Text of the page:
Not a car…  (c) BMW Group

Looking back at my ten-year stint as a designer and my various collaborations with academies, I’ve come to realize just how much has gone wrong in how the discipline is taught. Have you tried to Google “Behance Car Design Sketch” lately? Please open a new tab and do it. Look carefully at these sketches: do you see realistic, well-detailed wheels, can you see any suspension clearance? Do you see a usable glass area? I bet you don’t. Continue reading “The Problem With Design Academies”

The Riffs of Goodbye

As Jaguar’s Wayne Burgess hefts his amp and packs his guitar case, we ask, is his departure part of a broader trend?

Wayne Burgess
(c) thegoodhub.com

Something is afoot within the European motor industry and in particular, amidst the more creative end of the spectrum. What began as a slow drip is becoming a steady flow as more and more senior design staff depart from secure, well remunerated positions at established carmakers in favour of (for the most part), Chinese upstarts or indeed, start-ups.

Two years ago, it was former BMW and MINI design chief, Anders Warming, who for a comparatively short period re-emerged to Continue reading “The Riffs of Goodbye”

In China They Eat Dogs

Chris Bangle has returned to car design, but isn’t back.

chris-bangle-reds-13
Yes. This is an Automobile. photo (c) CNET

The most influential car designer of the past two decades has returned to the automotive realm. His message is more radical than ever – but his audience is an altogether different one than in the past. We needn’t listen to what he has to say, for we are not his audience anymore. Continue reading “In China They Eat Dogs”

Theme: Glamour – Car Designers

There’s nothing like spending weeks at meetings to discuss technical issues of draft angles, paint finishes and packaging requirements. Car design isn’t all glamour.

Malcolm Ward of Opel explains a design detail: opelpost.com
Malcolm Ward of Opel explains a design detail: opelpost.com

But it has that too. Car designers get to see and shape the future, travel to car shows in nice cities and Detroit and wear striking shirts as well. Like the performing arts, car design mixes episodes of gruelling tedium with bursts of flamboyant style. Creativity is really about doing something very boring for a very long time so that someone else gets a nice visual surprise. The shirts, car shows and interviews are a payoff for all the drudgery that is required up to the point the project is revealed.  Continue reading “Theme: Glamour – Car Designers”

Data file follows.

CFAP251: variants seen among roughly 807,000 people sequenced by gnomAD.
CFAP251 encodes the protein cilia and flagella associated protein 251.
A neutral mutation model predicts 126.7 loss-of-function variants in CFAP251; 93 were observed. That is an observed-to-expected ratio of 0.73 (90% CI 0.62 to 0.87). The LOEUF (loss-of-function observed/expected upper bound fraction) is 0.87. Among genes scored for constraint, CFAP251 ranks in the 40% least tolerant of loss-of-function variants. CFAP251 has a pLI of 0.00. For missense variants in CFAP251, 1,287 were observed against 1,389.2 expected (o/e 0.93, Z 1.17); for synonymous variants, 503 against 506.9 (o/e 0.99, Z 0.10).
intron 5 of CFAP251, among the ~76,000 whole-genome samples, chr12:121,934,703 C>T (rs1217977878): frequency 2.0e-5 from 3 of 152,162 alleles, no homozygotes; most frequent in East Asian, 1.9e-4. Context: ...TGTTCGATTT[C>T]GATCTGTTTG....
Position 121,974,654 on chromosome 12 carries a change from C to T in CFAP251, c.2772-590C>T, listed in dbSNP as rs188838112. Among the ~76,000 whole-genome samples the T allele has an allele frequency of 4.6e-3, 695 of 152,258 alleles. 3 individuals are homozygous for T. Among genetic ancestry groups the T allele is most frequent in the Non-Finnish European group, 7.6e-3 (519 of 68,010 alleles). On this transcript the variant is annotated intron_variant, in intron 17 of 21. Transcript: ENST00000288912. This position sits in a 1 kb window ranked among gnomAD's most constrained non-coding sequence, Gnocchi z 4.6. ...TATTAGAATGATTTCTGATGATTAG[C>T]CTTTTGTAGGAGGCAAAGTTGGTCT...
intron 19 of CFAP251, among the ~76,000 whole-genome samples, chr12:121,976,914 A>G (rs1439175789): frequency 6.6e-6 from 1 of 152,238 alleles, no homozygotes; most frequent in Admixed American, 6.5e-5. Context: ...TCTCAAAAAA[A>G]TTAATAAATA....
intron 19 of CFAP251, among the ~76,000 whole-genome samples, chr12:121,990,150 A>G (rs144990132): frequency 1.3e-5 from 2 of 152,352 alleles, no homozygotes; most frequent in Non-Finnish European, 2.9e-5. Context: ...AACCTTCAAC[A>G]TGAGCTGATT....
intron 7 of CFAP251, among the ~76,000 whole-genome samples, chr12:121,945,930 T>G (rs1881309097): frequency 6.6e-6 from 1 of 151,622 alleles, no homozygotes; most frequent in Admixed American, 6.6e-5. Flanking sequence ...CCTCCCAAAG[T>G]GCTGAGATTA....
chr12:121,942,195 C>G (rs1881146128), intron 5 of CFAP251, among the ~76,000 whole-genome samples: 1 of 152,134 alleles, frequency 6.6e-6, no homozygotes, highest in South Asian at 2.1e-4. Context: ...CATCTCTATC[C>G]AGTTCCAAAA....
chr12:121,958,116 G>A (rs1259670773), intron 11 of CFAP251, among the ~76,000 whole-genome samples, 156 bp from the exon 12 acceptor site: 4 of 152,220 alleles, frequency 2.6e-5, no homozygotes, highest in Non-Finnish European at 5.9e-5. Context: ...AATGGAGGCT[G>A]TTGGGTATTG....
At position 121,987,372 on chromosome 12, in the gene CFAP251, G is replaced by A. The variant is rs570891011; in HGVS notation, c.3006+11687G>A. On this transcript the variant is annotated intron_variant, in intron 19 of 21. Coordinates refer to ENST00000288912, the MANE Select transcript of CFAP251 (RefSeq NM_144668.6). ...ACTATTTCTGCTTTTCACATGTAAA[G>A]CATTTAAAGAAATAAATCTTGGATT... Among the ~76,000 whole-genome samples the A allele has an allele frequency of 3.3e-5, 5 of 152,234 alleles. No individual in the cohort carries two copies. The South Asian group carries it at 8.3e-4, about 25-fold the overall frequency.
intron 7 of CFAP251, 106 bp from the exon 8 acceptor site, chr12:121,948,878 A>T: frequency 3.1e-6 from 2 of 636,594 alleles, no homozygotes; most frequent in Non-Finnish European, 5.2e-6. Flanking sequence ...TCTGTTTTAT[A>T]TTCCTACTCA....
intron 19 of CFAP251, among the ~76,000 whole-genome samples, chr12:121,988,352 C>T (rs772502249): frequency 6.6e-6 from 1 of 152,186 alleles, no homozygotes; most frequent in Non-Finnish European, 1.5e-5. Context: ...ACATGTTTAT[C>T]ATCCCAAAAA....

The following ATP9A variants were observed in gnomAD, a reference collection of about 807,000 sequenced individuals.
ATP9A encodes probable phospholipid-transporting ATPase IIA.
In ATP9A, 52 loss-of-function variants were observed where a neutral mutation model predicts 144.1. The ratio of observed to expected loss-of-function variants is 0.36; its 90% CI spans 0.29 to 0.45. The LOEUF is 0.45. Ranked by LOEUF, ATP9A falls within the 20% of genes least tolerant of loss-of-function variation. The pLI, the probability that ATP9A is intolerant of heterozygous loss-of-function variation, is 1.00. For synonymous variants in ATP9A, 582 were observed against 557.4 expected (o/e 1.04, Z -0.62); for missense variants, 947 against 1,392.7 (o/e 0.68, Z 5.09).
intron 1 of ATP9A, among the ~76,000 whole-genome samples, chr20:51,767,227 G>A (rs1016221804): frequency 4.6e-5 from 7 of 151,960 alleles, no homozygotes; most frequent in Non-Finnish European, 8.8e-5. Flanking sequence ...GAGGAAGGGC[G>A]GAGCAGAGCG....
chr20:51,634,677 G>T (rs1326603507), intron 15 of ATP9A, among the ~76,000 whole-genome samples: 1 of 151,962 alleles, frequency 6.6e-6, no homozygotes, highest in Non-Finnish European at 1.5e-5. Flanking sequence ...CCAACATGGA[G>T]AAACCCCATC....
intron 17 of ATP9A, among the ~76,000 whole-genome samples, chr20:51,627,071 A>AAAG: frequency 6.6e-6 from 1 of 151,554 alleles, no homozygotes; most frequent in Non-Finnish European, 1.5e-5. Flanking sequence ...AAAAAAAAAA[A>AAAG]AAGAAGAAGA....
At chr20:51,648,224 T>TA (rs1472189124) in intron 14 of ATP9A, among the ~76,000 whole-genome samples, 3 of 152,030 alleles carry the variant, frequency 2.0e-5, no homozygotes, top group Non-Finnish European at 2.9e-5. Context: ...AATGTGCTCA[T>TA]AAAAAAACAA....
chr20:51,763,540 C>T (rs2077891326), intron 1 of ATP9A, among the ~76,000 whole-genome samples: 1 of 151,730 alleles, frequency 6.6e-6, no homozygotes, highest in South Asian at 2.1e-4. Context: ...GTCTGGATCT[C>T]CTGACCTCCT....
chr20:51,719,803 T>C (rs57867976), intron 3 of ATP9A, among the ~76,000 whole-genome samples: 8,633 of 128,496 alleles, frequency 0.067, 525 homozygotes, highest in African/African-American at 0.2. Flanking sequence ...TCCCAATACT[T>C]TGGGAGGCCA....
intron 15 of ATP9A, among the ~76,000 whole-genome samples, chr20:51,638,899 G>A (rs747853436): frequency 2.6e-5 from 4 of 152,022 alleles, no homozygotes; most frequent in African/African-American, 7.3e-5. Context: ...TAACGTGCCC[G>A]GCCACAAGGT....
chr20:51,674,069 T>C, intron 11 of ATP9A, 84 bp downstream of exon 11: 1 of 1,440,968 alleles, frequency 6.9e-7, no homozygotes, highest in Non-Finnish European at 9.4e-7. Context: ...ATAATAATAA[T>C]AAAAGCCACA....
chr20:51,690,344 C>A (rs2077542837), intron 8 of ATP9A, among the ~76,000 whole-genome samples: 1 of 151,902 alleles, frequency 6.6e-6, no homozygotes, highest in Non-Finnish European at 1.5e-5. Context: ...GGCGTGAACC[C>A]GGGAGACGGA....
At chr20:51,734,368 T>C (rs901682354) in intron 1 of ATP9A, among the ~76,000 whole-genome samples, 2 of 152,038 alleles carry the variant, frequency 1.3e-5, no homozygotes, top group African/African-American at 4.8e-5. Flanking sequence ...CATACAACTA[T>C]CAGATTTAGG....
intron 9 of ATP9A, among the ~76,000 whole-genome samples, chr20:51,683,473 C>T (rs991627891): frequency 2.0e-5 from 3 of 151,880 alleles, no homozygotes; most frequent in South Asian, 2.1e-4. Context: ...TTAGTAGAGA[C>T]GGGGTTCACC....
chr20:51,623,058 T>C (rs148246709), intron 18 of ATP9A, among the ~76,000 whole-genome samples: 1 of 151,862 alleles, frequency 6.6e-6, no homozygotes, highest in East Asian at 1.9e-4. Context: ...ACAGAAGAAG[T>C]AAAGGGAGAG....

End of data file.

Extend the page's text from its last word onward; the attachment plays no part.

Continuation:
Theme : Concepts – Small Is Beautiful

The 1983 Opel Junior concept marked a new, friendlier frontier in small car design. Its impact was to be lasting. 

opel-junior-05

The 1983 (is it really that old?) Opel Junior was one of the stars of that year’s IAA at Frankfurt, where it debuted. Small and really rather perfectly formed, the little Opel was the work of a team of designers at Opel’s Rüsselsheim styling centre, under the direction of Hideo Kodama. Alongside Kodama was Gert Hildebrand and neophyte, Chris Bangle, who it’s said, was responsible for the concept’s modular interior.  Continue reading “Theme : Concepts – Small Is Beautiful”

A Question of Form

Has Centro Stile Fiat ever produced a design of lasting significance?

centro stile alfa romeo
Centro Stile Alfa Romeo (as was).

This is the question I found myself asking following a recent Driven to Write piece on Lorenzo Ramaciotti – (which I urge you to read). Because like many, I held firm to the view that Turin’s fabled carrozzerie were responsible for every design worthy of note. On the other hand, memory can sometimes prove a faulty co-driver, so I did what any self-respecting autophile would do at this point and revisited the Fiat group’s styling back catalogue in a quest for answers. So what I offer here is a list of significant Fiats of the last 50 years and who is believed responsible for their styling.  Continue reading “A Question of Form”